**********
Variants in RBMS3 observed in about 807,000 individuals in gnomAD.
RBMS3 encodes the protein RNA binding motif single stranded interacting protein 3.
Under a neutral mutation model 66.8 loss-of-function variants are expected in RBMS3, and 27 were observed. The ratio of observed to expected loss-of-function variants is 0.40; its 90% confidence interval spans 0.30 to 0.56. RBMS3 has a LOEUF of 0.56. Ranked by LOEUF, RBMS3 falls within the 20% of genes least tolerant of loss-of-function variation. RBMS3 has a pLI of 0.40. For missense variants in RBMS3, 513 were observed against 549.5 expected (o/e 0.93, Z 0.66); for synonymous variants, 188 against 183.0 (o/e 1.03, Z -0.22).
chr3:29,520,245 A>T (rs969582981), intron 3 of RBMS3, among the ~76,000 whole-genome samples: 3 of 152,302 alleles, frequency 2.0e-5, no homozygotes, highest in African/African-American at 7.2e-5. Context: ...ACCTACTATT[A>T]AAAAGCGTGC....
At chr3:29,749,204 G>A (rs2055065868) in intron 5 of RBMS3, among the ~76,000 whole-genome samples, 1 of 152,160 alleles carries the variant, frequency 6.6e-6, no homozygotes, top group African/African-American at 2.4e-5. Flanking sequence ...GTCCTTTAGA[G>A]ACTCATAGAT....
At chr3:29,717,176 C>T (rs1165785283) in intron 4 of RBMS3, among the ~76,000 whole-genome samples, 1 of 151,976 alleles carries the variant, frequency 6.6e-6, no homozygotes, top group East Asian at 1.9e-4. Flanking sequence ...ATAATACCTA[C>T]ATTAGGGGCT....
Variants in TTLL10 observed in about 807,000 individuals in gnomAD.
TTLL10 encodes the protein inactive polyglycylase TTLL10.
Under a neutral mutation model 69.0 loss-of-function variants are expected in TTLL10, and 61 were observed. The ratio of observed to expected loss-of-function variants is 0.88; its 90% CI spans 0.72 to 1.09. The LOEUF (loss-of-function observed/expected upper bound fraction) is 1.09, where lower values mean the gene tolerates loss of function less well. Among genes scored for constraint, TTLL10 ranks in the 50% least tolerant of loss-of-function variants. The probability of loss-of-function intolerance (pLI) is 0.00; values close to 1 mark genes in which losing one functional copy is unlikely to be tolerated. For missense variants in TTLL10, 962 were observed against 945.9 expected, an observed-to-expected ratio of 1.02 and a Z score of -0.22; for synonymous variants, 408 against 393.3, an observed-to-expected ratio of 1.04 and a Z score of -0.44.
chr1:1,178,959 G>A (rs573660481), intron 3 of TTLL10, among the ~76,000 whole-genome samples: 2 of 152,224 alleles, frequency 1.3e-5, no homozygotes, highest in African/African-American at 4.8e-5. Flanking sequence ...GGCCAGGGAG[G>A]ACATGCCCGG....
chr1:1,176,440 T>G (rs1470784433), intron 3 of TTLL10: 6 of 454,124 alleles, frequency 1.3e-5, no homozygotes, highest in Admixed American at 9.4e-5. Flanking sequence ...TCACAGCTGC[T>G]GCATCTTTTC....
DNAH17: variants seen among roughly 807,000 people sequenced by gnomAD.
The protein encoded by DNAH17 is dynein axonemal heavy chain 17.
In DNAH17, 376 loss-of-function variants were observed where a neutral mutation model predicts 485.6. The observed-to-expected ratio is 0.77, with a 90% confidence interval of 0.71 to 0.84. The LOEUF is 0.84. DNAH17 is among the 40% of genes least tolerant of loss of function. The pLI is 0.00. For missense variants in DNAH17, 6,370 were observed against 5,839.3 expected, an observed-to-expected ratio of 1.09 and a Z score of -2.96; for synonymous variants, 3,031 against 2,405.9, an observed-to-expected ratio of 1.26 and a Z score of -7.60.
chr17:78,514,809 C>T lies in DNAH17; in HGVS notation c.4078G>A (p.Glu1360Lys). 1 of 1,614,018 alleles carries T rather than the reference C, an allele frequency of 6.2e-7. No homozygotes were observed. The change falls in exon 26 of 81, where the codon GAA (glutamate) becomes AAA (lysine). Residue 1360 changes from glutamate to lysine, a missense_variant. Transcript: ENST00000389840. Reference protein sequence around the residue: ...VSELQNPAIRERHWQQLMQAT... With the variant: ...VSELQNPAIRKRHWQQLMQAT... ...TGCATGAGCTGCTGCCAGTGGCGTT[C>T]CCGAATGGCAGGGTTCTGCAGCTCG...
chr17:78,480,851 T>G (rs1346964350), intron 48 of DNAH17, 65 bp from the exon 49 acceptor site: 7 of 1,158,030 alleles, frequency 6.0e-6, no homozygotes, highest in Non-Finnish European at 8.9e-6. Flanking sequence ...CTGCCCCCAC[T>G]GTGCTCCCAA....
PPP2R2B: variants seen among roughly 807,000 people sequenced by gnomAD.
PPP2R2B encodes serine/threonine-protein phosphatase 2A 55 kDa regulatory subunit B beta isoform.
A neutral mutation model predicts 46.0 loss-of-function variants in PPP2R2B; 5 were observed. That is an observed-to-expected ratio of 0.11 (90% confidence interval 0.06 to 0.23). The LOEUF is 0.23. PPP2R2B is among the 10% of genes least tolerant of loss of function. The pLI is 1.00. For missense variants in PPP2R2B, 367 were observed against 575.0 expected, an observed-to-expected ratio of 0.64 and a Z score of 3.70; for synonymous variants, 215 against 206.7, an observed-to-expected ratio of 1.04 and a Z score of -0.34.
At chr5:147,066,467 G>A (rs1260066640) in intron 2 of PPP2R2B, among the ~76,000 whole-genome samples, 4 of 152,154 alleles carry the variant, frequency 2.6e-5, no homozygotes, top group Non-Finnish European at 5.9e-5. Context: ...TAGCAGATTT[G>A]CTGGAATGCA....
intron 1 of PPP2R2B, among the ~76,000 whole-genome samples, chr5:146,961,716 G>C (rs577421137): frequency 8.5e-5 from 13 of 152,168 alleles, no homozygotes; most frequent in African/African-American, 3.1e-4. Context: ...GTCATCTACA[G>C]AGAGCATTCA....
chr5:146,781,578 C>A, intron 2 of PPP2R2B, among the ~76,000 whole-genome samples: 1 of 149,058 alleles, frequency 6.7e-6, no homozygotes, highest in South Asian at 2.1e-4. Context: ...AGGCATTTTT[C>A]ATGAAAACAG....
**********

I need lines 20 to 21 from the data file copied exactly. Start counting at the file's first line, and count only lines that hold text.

At chr5:147,066,467 G>A (rs1260066640) in intron 2 of PPP2R2B, among the ~76,000 whole-genome samples, 4 of 152,154 alleles carry the variant, frequency 2.6e-5, no homozygotes, top group Non-Finnish European at 5.9e-5. Context: ...TAGCAGATTT[G>A]CTGGAATGCA....
intron 1 of PPP2R2B, among the ~76,000 whole-genome samples, chr5:146,961,716 G>C (rs577421137): frequency 8.5e-5 from 13 of 152,168 alleles, no homozygotes; most frequent in African/African-American, 3.1e-4. Context: ...GTCATCTACA[G>C]AGAGCATTCA....